Businesses have been warned to act quickly if they are at risk of creditor actions as temporary measures brought in to support firms from insolvency during the pandemic will be phased out from 1 October.
Since June last year, The Corporate Insolvency and Governance Act 2020 has given protection from creditor actions to companies in financial distress as a result of Covid.
This was to ensure that viable businesses affected by the restrictions on trading during the lockdown periods were not forced into insolvency unnecessarily. However, the government is lifting the restrictions on creditor actions as the economy returns to normal trading conditions.
Instead, the government will introduce new legislation, which will be in force until 31 March next year, to give smaller businesses more time to trade back to financial health before creditors can take action to wind them up.
The new legislation will raise the current debt threshold for a winding up petition to £10,000 or more and will require creditors to seek proposals for payment from a debtor business, giving them 21 days for a response before they can proceed with any winding up action.
Todd Davison, managing director of Purbeck Personal Guarantee Insurance, said that the changes reflect improving economic conditions but warned that companies must act quickly to be best placed if at risk of creditor actions.
“Insolvency restrictions couldn’t last forever and a tapered move back to normal insolvency restrictions was going to happen,” said Davison.
“The end of the temporary measures reflects the hope that the economy is on course to normal trading conditions. However, businesses must act quickly to be best placed if they face or are at risk of creditor actions.
“It has helped to stave off insolvency proceedings for many businesses – as demonstrated by tracking the insolvency statistics. That said, it will soon become clear whether these measures have protected otherwise healthy businesses or propped up zombie businesses reliant on government support and restrictions on action under insolvency legislation.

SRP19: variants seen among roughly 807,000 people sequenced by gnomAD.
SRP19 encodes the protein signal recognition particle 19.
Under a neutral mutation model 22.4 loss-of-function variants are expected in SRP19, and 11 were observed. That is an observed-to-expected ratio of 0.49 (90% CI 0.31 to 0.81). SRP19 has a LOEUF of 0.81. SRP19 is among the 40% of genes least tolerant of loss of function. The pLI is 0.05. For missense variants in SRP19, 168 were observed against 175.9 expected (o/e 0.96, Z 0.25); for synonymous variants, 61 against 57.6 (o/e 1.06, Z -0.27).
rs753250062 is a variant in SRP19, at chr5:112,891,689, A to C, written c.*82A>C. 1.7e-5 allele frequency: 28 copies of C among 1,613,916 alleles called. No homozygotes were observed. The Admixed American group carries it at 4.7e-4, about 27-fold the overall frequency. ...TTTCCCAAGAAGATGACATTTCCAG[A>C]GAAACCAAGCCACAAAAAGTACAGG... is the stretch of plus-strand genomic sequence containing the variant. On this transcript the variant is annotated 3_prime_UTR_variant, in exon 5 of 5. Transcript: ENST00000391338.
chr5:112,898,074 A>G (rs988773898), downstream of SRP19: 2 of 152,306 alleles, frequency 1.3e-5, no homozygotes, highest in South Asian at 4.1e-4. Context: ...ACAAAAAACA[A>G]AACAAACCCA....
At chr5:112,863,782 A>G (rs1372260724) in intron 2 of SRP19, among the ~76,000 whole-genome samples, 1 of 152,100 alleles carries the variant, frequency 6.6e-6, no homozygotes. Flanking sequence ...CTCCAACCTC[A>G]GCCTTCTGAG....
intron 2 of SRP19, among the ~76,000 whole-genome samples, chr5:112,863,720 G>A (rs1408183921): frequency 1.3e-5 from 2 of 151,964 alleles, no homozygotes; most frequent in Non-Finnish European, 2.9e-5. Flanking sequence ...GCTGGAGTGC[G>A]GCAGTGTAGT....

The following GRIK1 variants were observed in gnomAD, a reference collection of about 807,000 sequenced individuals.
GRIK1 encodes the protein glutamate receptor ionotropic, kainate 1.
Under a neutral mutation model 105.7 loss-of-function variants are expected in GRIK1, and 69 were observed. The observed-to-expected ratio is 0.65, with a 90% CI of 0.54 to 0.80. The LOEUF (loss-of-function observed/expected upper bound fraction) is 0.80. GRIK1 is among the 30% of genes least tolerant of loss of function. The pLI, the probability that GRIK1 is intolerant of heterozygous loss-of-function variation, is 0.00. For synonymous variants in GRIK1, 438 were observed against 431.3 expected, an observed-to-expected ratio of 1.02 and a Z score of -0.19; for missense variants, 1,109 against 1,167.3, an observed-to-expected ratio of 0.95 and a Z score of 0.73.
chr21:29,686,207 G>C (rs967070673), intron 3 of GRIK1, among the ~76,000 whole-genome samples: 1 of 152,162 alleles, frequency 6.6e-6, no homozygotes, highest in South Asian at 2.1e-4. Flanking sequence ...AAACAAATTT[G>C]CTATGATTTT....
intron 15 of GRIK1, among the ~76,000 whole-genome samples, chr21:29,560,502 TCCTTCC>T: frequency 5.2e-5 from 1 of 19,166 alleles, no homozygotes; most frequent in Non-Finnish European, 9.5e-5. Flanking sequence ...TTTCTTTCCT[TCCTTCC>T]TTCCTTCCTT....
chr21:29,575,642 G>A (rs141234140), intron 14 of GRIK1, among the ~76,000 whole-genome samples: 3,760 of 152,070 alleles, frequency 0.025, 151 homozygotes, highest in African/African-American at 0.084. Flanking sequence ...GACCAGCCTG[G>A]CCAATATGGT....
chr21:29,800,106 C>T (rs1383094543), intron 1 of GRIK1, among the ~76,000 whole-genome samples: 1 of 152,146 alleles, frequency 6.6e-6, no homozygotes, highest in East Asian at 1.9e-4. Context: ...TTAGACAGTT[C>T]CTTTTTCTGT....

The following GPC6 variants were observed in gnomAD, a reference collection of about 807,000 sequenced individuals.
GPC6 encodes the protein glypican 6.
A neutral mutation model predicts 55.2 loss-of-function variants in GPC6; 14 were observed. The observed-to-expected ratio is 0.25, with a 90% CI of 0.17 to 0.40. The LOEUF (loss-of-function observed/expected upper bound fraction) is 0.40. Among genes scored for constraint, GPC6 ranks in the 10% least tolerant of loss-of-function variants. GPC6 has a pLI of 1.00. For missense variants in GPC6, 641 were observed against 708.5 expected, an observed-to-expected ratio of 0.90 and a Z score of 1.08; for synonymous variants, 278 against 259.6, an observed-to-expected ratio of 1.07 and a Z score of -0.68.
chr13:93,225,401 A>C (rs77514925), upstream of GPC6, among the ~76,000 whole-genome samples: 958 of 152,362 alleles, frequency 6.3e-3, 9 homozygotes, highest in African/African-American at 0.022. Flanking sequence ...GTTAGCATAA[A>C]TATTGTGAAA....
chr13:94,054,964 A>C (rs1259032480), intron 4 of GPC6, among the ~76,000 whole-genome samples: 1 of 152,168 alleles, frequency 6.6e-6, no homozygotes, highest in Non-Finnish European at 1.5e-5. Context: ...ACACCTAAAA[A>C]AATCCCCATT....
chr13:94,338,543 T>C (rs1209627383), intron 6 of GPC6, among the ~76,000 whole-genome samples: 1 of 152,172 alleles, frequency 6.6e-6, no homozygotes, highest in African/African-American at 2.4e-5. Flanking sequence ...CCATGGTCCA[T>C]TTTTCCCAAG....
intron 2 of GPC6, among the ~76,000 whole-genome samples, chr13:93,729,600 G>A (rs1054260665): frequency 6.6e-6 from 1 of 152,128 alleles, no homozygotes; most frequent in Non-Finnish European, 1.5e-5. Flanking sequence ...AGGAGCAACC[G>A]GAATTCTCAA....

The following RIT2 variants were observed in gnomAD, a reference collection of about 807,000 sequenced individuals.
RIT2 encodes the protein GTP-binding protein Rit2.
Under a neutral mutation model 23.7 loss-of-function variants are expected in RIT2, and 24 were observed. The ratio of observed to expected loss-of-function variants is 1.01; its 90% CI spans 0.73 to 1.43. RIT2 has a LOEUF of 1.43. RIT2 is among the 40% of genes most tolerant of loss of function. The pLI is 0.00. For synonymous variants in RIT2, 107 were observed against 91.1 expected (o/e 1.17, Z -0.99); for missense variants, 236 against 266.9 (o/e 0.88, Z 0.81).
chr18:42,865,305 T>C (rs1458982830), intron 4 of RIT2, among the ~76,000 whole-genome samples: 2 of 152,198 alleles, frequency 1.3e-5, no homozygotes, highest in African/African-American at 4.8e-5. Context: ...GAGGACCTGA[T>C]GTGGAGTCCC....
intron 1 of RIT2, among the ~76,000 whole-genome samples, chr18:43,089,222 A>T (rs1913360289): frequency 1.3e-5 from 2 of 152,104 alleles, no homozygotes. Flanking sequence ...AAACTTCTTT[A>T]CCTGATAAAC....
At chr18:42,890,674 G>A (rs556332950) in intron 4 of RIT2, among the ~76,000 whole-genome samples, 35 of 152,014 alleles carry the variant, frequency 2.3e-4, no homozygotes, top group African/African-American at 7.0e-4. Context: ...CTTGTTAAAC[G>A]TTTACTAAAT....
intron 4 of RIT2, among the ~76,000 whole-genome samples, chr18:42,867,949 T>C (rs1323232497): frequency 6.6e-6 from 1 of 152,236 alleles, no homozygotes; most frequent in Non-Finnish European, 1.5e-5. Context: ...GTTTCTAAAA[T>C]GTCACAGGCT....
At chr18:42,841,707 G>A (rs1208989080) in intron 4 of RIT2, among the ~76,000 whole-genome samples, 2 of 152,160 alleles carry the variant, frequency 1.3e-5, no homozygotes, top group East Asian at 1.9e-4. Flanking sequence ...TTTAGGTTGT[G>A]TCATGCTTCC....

“It represents a stepping stone back to normal insolvency rules by allowing creditor action but giving businesses 21 days (rather than seven days) to respond.
“For late payment issues, the ending of the restrictions should help pave the way for creditors to recover monies due more quickly and also increase propensity for funds to flow throughout supply chains with businesses unable to rely on the protection from insolvency.”
Frank Wessely, partner at insolvency advisory firm Quantuma, said the temporary legislation led to a huge drop in insolvencies but predicted the number will now rise gradually.
“The act has made a difference to the number of insolvencies published by the government,” he said.
“It’s been evidenced their objectives in terms of reducing the financial impact of the pandemic in numbers of insolvencies.
“They have succeeded to a degree because the numbers are significantly lower. The numbers have been increasing as support or restrictions have eased or the timelines of their easing approaches.
“We’ve seen a small uptick and I suspect that will continue and we’ll see a gradual increase in the number of insolvencies as things go on.”